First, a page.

As Johan Cruyff once adroitly noted, “I’ve never seen a bag of money score a goal.”
Sports diplomacy with Chinese characteristics
Thirdly amongst the people I spoke with, there was much interest in sports diplomacy, that is, the conscious, strategic and ongoing use of sport, sportspeople and sporting events by state and non-state actors to engage and inform foreign publics, conducive to maximising “people-to-people links, development, cultural, trade, investment, education and tourism opportunities.”
A growing area of theory and practice for western nations such as America or Australia, many of the Chinese academics, practitioners and students I spoke with seemed genuinely enthusiastic of developing a similar strategy, with Chinese characteristics. The 2008 Olympic Games, where, in a matter of weeks, China dramatically altered billions of public perceptions around the world, remains a very proud moment for China.
2022, when Beijing hosts the Winter Olympics, will prove another interesting sports diplomacy experiment. Watch this space! Many were also keen to remind me of China’s “stadium diplomacy”, where China has either built or donated stadiums or facilities in dozens of countries across Africa, Asia, Latin America, the Caribbean and the South Pacific.
If we ignore mass, western media, an inside view confirms that China is already a master of diplomacy, a paragon of civilisation, and an exemplar of Bull’s International Society. Of course, the Party and nation, like any other party or nation, has its issues, but China is very well placed to develop into a leading practitioner in the use of sports diplomacy.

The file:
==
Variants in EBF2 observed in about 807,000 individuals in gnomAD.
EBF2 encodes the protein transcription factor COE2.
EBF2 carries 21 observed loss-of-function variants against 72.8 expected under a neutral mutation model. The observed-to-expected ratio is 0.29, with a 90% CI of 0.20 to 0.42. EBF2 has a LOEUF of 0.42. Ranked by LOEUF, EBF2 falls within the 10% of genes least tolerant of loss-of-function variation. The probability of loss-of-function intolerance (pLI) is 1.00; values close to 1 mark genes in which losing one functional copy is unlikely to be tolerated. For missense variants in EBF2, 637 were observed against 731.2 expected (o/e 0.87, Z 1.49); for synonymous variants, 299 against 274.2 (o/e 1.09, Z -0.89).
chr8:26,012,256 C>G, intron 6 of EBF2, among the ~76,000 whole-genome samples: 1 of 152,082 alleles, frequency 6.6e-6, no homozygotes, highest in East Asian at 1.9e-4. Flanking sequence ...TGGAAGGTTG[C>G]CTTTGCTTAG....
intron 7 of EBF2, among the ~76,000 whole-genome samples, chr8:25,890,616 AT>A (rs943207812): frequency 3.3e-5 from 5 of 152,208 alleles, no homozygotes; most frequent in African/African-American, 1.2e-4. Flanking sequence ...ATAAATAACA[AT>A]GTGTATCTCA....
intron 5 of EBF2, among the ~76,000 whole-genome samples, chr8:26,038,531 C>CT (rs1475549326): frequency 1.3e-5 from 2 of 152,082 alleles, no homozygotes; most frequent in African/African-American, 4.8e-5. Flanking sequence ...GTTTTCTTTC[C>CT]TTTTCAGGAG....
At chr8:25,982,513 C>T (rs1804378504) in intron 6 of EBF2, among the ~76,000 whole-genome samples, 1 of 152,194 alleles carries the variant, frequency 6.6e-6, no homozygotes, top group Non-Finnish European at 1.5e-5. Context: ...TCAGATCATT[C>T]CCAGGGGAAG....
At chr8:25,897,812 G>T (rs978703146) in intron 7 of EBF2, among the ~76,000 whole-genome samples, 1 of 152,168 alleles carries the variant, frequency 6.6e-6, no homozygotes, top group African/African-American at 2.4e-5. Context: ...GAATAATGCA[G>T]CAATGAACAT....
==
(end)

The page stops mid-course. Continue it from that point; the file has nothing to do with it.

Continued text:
A land of sporting oddity and mystery
For the outsider, China remains a land of sporting oddity and mystery. Sitting in your hotel room, flicking through the channels while craving sport, it is odd to note the absence of any indigenous Chinese sport being broadcast. It’s easy to watch European football or American grid iron but virtually impossible to watch a bit of wu shu (kung gu, to us outsiders), taijiquan (shadow boxing), xiangqi (highly addictive Chinese chess) or, my favourite, the strangely addictive qigong (deep breathing exercises). One wonders then, is the flood of western sport trampling traditional Chinese sport, games and exercise?